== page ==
Another thing I tackle early on in the year is our poultry production schedule. Much like the fence contractors, dates can book up for poultry butchering if you wait too long (especially for turkeys, I schedule mine a year in advance). It’s also a good idea to have your hatchery dates planned out in advance as well, particularity if you order in larger quantities. Just try calling a hatchery a week or two before you need 500 chicks and see what happens! By late January, I’ll have all of my poultry hatch dates lined up and butchering dates scheduled for the year. This not only helps me by locking up dates in advance, but also helps our butcher and hatchery plan as well. With all of these dates planned out, I’m now ready to advertise and begin selling slots in our bulk chicken program. Since I know my production dates, I can list the pickup dates and times right from the start for our customers. I have to do all of this anyway, so it makes sense to get it done early so I don’t have any surprises later in the spring. And our customers like knowing in advance which dates they will be headed to the farm to get their bulk chicken orders.
Like any bulk program we offer, we collect a deposit up front from our customers to secure their spot in our discount chicken program. They get a discount for paying up front, and we get some much needed cash heading into the spring. We then use that cash to pay for the first batch of chicks, feed, bedding, supplies etc. Last year, we took a portion of that cash to purchase some of the fence posts we needed for our added grazing plan. As you can see, sitting down and intentionally planning in advance when you have the time to do it pays dividends all the way around! There is nothing worse than waiting until the last moment, when you are already swamped with day long farm work in the spring, to try and schedule something as crucial as a contractor or butchering date. One frustration can lead to another and before you know it your whole summer is a mess.
I also use my winter break to read any farming books that I need to, attend a farming conference or to study up on something in particular that I might be adding in the upcoming year. Perhaps there is an online course I want to pay for and take, winter or early spring is great time for me to make that purchase and block out some time to absorb the course. Although I’m quite a few years into working on my farm full time, I certainly don’t know everything or have it all figured out. For example, we bought our first cow-calf pairs a couple of years ago and up until that point I had only been purchasing stocker cattle for our beef operation. Cow-calf pairs were a whole new world for me and I found myself needing to learn how to wean calves, understand the differing nutritional needs of pregnant and lactating cows, prepare for calving and more. There is always something new to learn, and for me to best time to do it is while I’m sitting next to the fire in my recliner while it’s cold outside.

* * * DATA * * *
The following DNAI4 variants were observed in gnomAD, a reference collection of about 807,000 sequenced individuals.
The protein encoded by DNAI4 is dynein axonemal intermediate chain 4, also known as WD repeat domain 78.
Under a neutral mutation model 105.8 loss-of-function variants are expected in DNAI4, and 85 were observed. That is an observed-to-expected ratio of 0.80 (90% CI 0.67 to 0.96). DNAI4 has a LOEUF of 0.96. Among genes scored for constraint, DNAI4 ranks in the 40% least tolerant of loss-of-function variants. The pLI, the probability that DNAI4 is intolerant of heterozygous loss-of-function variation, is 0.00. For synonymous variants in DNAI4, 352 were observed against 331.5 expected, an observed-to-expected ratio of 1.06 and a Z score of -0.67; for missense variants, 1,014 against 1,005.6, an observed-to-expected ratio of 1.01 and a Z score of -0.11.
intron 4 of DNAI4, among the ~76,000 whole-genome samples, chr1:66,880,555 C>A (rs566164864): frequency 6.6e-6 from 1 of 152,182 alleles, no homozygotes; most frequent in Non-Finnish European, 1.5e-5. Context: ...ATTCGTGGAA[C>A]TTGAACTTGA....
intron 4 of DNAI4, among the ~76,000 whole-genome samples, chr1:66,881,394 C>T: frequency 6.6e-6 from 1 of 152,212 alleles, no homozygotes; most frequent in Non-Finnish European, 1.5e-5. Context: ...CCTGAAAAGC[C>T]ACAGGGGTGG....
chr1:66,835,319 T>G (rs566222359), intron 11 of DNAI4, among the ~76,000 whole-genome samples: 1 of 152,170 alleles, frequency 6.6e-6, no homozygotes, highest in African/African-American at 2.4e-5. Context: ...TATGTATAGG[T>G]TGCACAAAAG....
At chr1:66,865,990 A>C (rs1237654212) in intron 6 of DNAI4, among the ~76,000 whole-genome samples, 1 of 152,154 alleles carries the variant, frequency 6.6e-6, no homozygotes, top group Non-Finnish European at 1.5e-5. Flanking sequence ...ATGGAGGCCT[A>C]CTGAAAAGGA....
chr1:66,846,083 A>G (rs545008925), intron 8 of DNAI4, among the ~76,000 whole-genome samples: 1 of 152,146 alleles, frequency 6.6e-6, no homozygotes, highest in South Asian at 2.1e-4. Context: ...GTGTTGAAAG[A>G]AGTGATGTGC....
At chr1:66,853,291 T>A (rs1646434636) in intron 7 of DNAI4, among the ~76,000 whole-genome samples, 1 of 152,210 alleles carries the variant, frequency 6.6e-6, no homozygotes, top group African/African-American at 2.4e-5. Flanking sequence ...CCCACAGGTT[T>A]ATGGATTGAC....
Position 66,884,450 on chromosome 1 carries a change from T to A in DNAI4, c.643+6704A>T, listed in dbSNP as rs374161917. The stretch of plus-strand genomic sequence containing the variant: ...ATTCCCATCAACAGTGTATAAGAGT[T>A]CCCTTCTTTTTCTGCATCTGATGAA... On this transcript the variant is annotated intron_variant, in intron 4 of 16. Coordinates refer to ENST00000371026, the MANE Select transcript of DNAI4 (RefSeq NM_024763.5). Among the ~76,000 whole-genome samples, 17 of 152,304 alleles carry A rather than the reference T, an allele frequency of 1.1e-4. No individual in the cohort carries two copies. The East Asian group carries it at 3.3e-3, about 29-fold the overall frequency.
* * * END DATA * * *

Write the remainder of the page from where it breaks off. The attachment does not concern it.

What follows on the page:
Lastly, we also take time to evaluate our marketing strategy for the upcoming season in the winter. Applications for summer markets begin going out in February and often times are due by the end of March or start of April. If you are considering changing, adding or starting with farmers markets winter is the time to be researching them to find out which one is right for you. We also begin planning when we’ll be offering bulk pork purchases as well as how many beef we’ll be selling retail vs. bulk. Again, we solicit our customers who make those bulk purchases for a deposit which is then used to help offset the purchase of livestock, feed and equipment for the upcoming season. In the case of cattle, I’m always working two seasons in advance so collecting deposits in February and March of the current year will allow me to add additional stocker cattle in April that will finish in late the following year.
What about your upcoming year should you be planning now? Are you going to add any new species to your operation this year? Is it time to scale up an existing enterprise and if so what is your marketing strategy to sell that product? Are you finally ready to build some permanent fence? Will you be applying for any grants and if so when are those applications due? I would suggest writing down what big ticket projects you want to accomplish, enterprises you want to begin or expand and new skills or knowledge you would like to acquire. Once you have that done, list out some key dates you need to meet and put your plan into action!
Take advantage of the winter time and use it to both rest and plan. I believe you’ll find that your summer will be much more enjoyable, and profitable, as a result.